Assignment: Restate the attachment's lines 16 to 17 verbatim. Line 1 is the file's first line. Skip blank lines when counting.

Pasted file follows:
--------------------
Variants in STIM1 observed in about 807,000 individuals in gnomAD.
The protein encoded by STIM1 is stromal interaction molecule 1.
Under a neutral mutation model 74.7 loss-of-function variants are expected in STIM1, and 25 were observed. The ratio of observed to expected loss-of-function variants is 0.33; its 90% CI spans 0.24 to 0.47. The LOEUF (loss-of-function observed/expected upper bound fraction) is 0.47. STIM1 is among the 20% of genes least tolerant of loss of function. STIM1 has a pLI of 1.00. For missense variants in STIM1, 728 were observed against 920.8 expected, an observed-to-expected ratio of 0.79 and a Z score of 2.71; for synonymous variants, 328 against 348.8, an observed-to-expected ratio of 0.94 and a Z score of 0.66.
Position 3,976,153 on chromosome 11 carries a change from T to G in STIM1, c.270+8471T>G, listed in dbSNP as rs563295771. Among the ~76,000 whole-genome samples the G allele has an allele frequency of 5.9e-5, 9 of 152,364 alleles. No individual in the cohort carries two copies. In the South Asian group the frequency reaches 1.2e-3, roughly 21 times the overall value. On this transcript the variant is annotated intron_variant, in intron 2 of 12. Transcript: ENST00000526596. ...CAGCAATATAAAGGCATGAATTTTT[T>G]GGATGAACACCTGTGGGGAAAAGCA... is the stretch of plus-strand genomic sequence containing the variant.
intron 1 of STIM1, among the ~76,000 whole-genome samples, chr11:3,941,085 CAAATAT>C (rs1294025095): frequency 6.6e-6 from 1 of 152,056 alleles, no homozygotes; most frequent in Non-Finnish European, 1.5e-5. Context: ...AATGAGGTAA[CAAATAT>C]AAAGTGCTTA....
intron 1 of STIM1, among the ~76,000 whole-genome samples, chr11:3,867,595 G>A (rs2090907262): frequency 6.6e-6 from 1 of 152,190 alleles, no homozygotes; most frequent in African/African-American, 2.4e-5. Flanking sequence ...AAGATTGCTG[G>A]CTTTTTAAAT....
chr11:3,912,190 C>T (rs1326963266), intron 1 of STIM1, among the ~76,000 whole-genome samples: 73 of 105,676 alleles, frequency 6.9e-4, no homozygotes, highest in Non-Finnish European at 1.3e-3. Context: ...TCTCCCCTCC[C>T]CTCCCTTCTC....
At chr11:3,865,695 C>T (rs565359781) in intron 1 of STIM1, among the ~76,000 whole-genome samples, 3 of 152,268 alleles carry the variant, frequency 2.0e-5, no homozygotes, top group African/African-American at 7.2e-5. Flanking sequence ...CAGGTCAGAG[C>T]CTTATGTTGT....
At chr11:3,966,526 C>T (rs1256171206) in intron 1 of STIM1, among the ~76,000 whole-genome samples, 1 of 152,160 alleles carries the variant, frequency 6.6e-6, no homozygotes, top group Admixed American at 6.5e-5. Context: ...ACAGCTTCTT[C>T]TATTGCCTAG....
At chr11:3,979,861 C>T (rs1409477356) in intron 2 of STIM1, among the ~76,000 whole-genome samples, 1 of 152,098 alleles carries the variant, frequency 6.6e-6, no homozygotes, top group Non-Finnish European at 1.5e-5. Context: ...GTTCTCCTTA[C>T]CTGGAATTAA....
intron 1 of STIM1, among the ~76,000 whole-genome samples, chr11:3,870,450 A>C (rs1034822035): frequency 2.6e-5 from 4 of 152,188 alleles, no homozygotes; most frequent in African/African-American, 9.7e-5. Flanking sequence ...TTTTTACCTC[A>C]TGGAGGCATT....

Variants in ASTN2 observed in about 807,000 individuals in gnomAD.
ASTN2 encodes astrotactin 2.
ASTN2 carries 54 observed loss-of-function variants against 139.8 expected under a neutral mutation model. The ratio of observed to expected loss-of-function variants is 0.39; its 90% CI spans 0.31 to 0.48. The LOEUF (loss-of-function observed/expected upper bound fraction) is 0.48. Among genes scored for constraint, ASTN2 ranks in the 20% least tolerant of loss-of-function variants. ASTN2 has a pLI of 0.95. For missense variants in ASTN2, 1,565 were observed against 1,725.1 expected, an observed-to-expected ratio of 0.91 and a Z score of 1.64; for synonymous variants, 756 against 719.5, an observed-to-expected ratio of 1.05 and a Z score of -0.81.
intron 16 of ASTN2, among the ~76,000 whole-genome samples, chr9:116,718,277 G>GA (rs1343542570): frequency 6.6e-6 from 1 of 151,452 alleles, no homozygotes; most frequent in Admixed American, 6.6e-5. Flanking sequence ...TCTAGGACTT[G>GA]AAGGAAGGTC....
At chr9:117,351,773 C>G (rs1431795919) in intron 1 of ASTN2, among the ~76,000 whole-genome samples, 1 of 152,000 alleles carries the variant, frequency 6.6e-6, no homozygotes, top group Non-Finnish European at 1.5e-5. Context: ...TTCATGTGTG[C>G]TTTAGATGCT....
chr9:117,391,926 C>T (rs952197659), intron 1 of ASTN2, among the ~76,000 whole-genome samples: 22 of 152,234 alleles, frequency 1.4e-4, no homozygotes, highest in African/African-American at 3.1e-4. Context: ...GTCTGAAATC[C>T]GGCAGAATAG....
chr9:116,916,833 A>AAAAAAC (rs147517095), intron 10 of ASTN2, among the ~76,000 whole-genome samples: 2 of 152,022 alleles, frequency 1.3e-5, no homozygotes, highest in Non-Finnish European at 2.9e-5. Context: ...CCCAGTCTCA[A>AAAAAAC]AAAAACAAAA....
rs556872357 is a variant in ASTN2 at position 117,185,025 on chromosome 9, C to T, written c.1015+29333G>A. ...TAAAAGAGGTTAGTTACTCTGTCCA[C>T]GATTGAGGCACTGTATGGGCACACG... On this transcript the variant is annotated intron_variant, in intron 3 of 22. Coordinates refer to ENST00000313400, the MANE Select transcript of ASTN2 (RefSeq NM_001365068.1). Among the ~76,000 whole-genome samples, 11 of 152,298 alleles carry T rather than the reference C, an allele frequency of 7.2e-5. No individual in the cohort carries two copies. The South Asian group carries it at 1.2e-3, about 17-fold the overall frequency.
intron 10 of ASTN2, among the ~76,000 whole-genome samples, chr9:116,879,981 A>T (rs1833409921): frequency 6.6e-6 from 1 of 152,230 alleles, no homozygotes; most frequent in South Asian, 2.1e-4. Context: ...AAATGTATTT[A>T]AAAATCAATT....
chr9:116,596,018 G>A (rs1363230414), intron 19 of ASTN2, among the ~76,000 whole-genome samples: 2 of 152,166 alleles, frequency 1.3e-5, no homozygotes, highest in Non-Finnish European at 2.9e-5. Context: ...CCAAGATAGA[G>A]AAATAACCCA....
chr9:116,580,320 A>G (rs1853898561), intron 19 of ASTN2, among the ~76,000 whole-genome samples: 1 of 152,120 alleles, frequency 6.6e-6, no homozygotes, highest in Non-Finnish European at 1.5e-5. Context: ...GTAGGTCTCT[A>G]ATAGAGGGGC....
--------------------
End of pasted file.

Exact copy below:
At chr9:117,351,773 C>G (rs1431795919) in intron 1 of ASTN2, among the ~76,000 whole-genome samples, 1 of 152,000 alleles carries the variant, frequency 6.6e-6, no homozygotes, top group Non-Finnish European at 1.5e-5. Context: ...TTCATGTGTG[C>G]TTTAGATGCT....
chr9:117,391,926 C>T (rs952197659), intron 1 of ASTN2, among the ~76,000 whole-genome samples: 22 of 152,234 alleles, frequency 1.4e-4, no homozygotes, highest in African/African-American at 3.1e-4. Context: ...GTCTGAAATC[C>T]GGCAGAATAG....